and also vouching for the general fitness of the latter for his position as chaplain." Later, at the execution, the public address was delivered by Mr. McKnight, this being the prisoner's request.
         When the Nation began its great Civil war, the current of Christ Church life was diverted from its accustomed channel, for Springfield became, at once, the scene of military activities. "The Tenth Massachusetts Volunteers," was one of the first enlisted. It encamped on Hampden Park and was reviewed by Governor Andrew and staff July 10, 1861. There was also Camp Reed, situated about a mile east of the Armory.
         Mrs. James Barnes, wife of General Barnes, was the leader of the women organized to perform the war duties that always fall to their lot,—making hospital supplies, meeting the trains with a bit of cheering refreshment for the passing soldiers, and caring for the sick and wounded when the boys came home. The ladies of Springfield at the time of Governor Andrew's visit, presented the regiment with an unusually beautiful stand of colors national and regimental, Mrs. Barnes making the presentation speech.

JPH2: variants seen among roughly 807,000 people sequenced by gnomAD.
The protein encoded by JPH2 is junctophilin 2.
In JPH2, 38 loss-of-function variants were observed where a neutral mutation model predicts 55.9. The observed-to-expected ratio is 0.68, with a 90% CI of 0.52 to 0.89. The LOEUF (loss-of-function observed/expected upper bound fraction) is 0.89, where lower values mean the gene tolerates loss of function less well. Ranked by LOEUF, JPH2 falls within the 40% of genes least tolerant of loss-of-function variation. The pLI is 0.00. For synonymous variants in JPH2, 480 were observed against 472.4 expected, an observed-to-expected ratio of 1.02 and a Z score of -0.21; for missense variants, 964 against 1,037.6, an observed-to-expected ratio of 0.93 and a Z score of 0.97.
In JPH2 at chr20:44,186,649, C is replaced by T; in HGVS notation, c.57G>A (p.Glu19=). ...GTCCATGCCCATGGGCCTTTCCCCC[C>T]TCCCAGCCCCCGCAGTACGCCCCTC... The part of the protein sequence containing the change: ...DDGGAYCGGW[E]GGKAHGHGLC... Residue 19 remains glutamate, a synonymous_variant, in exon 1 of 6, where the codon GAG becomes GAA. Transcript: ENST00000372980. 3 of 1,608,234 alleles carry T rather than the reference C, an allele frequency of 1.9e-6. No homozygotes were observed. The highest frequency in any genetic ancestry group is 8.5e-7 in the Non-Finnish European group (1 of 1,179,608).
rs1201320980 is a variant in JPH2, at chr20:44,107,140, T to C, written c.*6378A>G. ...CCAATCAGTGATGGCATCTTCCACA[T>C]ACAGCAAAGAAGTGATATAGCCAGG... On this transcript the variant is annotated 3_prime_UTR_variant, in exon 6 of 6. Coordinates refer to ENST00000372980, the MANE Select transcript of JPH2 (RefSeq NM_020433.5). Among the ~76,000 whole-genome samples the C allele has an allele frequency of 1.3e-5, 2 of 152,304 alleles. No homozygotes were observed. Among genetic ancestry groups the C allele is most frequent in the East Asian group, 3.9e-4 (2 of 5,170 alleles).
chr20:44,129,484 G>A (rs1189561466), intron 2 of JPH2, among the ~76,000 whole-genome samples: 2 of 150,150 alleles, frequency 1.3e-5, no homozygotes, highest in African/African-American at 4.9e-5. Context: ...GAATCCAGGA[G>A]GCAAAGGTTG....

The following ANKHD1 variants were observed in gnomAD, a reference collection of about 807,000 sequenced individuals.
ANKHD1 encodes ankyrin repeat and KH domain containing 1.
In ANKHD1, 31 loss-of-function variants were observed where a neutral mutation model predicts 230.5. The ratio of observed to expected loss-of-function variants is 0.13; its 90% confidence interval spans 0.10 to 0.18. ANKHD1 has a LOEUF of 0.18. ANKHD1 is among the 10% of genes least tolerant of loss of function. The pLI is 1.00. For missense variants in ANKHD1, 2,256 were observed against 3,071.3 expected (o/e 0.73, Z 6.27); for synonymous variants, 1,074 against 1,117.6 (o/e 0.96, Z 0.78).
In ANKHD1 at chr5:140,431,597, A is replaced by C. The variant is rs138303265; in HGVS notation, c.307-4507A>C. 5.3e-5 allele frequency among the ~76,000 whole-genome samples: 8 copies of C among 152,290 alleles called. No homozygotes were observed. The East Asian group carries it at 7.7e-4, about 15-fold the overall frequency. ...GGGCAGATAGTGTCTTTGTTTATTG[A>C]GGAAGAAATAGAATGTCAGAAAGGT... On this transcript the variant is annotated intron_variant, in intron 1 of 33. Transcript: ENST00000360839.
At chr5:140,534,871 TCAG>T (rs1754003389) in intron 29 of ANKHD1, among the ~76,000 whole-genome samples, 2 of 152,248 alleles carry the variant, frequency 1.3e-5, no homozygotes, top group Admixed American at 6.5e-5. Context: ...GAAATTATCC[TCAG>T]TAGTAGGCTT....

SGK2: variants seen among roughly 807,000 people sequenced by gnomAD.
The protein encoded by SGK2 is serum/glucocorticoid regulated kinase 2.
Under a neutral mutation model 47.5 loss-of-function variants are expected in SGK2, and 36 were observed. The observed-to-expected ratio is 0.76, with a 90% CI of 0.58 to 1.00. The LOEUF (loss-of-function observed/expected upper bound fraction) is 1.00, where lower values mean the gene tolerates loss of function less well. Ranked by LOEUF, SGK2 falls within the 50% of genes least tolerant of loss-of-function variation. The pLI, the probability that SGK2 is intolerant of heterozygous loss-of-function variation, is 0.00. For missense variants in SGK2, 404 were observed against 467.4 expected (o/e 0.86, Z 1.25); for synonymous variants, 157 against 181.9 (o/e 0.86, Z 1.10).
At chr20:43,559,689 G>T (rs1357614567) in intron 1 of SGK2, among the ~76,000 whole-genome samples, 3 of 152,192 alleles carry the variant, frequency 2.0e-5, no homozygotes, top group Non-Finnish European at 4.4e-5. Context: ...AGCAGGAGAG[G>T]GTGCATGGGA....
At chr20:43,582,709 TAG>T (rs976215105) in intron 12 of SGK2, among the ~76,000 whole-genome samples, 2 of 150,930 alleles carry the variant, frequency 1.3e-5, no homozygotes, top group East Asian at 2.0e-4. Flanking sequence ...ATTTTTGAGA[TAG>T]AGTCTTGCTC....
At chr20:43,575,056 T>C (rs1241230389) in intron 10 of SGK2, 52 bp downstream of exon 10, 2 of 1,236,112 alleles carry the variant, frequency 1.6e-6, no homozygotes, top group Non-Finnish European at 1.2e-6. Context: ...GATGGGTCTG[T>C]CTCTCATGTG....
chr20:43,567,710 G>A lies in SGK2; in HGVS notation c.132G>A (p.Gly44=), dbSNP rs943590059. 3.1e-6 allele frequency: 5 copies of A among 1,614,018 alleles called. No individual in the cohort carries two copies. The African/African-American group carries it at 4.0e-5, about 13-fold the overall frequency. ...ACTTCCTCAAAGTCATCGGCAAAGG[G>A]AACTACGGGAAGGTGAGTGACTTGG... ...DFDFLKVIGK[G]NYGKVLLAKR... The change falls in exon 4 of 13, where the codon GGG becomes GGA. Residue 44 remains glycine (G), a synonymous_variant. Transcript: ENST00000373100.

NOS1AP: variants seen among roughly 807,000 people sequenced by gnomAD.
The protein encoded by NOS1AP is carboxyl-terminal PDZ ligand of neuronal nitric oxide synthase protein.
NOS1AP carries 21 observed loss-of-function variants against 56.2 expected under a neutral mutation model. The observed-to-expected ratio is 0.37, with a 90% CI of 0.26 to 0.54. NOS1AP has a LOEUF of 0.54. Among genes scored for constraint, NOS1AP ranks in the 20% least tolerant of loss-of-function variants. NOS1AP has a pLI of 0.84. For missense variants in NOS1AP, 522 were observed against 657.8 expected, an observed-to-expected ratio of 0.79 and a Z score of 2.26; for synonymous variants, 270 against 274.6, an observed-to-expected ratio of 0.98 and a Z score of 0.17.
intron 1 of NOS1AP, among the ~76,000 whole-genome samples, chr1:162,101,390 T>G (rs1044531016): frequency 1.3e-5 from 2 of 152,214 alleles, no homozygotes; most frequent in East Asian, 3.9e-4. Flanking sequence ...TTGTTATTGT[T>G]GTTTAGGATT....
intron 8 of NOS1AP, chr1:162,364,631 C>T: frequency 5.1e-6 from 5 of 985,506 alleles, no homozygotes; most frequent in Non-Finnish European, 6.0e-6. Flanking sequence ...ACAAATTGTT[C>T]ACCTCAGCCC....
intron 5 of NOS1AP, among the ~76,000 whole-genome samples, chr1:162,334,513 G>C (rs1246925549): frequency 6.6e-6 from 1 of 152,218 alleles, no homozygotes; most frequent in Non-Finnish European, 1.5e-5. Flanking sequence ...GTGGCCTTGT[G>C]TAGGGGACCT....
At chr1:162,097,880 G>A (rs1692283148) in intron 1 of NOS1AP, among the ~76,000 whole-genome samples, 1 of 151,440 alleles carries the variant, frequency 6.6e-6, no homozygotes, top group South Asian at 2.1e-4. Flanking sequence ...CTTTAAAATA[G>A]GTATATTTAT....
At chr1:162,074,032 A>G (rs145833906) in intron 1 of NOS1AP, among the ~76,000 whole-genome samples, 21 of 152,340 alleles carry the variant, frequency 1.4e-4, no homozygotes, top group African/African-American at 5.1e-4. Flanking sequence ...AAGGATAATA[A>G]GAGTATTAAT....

At the beginning of the war the ladies of Springfield met at the City Hall, and "each church, in turn selected from its number those who served as an executive committee." Christ Church elected the following committee: Mrs. Elisha Gunn, Mrs. Connor, Miss Sophia Clary, Mrs. J.D. Brewer.
         There is no available list of Christ Church boys who fought as privates during the Civil War, but the names of some of her members who paid the supreme sacrifice are, no doubt, inscribed on that splendid monument on Court Square, presented by the late Mr. Gurdon Bill. Let us speak of three brave officers.
         General Robert E. Clary fought in the Civil War from 1861 to 1865. A brother of General Clary was with Commodore Perry, when he opened Japan. A grand-niece married the English poet, Alfred Noyes. General Clary was not a communicant, but he attended Christ Church, and his family, especially


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